Christmas, “the Blessing for all the Forms of Creation”
In a conversation published in this edition of Traces, Pietro Citati, the well-known literary critic and leading intellectual, among the most secularist newspapers in the Italian daily press, says he feels a strong new attraction for Catholicism. Now that he has just published a book on the great religions, he says he finds something unique in popular Italian expressions, like the Christmas manger scene: “The blessing for all the forms of creation.” This sense of positivity regarding everything is the core of the Christian event, a positivity that entered into history with Christ’s birth. Citati is not a poor shepherd, nor a devout old lady. He is a cultured intellectual. Yet his way of looking at the fact represented in the Nativity scene is the same as that of the first simple men who rushed to Bethlehem.
Something unique happened, something that changes the meaning of the world. Thanks to that birth, life no longer appears as a series of events that lead “the toilsome effort,” as Leopardi agonized, to a “horrid, immense abyss, wherein all plunges, to be forgotten forever” (from The Night Song of a Nomadic Shepherd in Asia). The horizon of life, with its loves and pains, is no longer dominated by the nothingness into which every destiny seems to plunge. From the shore of that unknown sea, from the powerful, tremendous Mystery that looms over every event, a point, a ship has moved toward us. Something unique has happened.
The Italian people’s rediscovery of itself, in the experience of the murder of their soldiers at Nassiriya and its aftermath, amidst the signs and gestures of faith, bore witness to the fact that many, albeit confusedly, have the perception that without Christian hope life has no meaning at all. Man doesn’t find in himself or on his own the strength and the reason to look at life as it is, so frail and contradictory, without being dominated by nothingness. We need, continually, every day, something to deliver us from evil, from the prime evil, which is to consider life a difficult and useless course. No civil construction, no effort for improvement can last if it is based on a consciousness that is resigned to the vanity of existence. So Christmas is the event that makes possible a society marked by constructiveness and hospitality.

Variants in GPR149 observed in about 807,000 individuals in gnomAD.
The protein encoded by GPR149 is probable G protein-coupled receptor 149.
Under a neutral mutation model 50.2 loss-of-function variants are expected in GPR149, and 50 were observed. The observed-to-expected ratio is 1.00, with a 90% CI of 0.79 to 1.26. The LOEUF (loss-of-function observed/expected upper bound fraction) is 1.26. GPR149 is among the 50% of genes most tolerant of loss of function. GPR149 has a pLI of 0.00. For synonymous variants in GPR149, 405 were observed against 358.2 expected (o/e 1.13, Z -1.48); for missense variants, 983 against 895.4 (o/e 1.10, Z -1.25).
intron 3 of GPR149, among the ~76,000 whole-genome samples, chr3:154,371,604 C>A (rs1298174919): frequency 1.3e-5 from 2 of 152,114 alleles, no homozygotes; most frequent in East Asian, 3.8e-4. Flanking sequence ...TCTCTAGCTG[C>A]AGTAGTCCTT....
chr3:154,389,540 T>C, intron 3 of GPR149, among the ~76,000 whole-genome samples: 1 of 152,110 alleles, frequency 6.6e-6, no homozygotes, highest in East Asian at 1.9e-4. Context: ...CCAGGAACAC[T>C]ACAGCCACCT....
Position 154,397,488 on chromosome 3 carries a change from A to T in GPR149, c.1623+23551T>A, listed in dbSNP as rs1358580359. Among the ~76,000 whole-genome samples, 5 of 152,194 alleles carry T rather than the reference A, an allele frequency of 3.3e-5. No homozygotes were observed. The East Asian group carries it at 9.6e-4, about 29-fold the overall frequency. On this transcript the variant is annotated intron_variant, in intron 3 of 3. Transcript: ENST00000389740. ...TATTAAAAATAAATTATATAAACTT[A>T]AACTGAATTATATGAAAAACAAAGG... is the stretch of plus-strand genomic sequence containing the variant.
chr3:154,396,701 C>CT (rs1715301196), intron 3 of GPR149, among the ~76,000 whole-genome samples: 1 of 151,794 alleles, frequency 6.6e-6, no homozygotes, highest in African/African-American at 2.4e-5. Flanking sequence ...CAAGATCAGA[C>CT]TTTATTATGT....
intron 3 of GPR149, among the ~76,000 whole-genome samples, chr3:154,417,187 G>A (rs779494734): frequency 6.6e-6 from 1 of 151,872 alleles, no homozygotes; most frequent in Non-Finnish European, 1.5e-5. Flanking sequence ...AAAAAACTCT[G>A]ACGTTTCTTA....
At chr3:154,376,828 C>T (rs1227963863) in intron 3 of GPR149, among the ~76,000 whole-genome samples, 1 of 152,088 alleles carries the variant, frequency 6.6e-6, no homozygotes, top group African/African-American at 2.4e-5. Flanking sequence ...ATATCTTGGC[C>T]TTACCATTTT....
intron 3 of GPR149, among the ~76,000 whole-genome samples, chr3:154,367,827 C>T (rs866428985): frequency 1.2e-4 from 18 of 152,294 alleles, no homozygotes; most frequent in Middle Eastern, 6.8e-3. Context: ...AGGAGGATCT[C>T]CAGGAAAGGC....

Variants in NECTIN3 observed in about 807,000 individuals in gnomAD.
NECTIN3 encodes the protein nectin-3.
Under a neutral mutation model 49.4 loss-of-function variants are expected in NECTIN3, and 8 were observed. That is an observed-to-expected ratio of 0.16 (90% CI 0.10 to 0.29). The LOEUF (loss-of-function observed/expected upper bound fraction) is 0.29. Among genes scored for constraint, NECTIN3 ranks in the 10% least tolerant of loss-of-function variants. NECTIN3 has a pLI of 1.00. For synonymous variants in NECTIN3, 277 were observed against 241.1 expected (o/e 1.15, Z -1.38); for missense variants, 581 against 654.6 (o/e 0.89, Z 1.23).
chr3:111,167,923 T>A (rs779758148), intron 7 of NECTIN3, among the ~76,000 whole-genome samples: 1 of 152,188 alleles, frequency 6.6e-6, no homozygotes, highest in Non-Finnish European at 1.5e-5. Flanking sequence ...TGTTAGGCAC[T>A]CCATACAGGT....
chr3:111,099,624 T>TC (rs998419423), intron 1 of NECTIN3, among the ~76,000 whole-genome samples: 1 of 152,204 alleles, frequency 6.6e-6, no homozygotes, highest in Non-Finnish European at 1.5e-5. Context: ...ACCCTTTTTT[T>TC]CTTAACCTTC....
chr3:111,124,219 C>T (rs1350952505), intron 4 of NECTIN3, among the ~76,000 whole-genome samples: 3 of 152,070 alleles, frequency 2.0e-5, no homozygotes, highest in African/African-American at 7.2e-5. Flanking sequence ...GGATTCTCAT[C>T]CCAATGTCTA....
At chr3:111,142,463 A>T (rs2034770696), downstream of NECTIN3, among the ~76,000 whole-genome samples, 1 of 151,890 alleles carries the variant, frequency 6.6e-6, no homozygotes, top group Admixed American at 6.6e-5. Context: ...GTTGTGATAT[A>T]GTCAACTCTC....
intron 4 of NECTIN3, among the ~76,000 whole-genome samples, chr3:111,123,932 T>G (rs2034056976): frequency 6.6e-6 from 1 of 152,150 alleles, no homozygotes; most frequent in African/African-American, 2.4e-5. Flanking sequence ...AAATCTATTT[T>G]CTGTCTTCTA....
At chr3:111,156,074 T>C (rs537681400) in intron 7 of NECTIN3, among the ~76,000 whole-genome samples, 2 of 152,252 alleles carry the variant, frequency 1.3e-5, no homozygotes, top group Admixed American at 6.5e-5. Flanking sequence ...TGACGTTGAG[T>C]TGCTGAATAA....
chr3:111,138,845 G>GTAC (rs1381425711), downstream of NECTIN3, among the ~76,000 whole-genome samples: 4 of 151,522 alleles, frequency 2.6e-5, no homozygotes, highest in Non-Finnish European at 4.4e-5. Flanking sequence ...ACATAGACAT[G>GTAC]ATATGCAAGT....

The child who is born of Mary is the point in which human life is ransomed from nothingness. It is a human point, a presence, which still lives today in the mystery of the Church and in the witness of many. It is not a philosophical conquest nor an ethical horizon for people who feel they are alright. Again it is Citati who points it out with lucid intelligence: “The reduction of religion to ethics is a real catastrophe. At the origin of Christianity we have thieves, a crime, anything but ethics! Christianity is a religious event, but hardly anyone says so these days.”
Christianity is a young woman “in whose warmth” a child is born: that something so simple bears the meaning of the world is a fact that can be recognized only by simple hearts, those who truly hunger and thirst for life.